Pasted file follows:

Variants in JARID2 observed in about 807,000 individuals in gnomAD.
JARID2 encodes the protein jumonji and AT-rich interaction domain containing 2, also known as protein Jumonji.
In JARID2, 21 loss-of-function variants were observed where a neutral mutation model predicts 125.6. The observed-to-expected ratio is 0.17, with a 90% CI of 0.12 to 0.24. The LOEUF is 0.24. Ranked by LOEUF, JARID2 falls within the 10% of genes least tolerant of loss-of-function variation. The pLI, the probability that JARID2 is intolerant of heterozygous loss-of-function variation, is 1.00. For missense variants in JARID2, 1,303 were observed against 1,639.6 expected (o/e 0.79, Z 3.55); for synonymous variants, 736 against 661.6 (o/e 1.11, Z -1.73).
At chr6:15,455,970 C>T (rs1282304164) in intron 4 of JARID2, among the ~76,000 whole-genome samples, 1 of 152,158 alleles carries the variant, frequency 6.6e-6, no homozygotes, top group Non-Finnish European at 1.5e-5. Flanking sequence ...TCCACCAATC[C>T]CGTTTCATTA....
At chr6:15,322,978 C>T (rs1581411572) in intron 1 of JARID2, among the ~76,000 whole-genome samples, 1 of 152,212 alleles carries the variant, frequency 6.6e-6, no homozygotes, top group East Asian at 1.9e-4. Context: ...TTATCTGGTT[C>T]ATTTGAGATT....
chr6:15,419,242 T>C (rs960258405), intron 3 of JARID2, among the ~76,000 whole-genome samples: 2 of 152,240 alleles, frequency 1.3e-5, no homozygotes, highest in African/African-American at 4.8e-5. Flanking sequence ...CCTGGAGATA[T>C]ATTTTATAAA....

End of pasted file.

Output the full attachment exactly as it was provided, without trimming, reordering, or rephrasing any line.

Variants in JARID2 observed in about 807,000 individuals in gnomAD.
JARID2 encodes the protein jumonji and AT-rich interaction domain containing 2, also known as protein Jumonji.
In JARID2, 21 loss-of-function variants were observed where a neutral mutation model predicts 125.6. The observed-to-expected ratio is 0.17, with a 90% CI of 0.12 to 0.24. The LOEUF is 0.24. Ranked by LOEUF, JARID2 falls within the 10% of genes least tolerant of loss-of-function variation. The pLI, the probability that JARID2 is intolerant of heterozygous loss-of-function variation, is 1.00. For missense variants in JARID2, 1,303 were observed against 1,639.6 expected (o/e 0.79, Z 3.55); for synonymous variants, 736 against 661.6 (o/e 1.11, Z -1.73).
At chr6:15,455,970 C>T (rs1282304164) in intron 4 of JARID2, among the ~76,000 whole-genome samples, 1 of 152,158 alleles carries the variant, frequency 6.6e-6, no homozygotes, top group Non-Finnish European at 1.5e-5. Flanking sequence ...TCCACCAATC[C>T]CGTTTCATTA....
At chr6:15,322,978 C>T (rs1581411572) in intron 1 of JARID2, among the ~76,000 whole-genome samples, 1 of 152,212 alleles carries the variant, frequency 6.6e-6, no homozygotes, top group East Asian at 1.9e-4. Context: ...TTATCTGGTT[C>T]ATTTGAGATT....
chr6:15,419,242 T>C (rs960258405), intron 3 of JARID2, among the ~76,000 whole-genome samples: 2 of 152,240 alleles, frequency 1.3e-5, no homozygotes, highest in African/African-American at 4.8e-5. Flanking sequence ...CCTGGAGATA[T>C]ATTTTATAAA....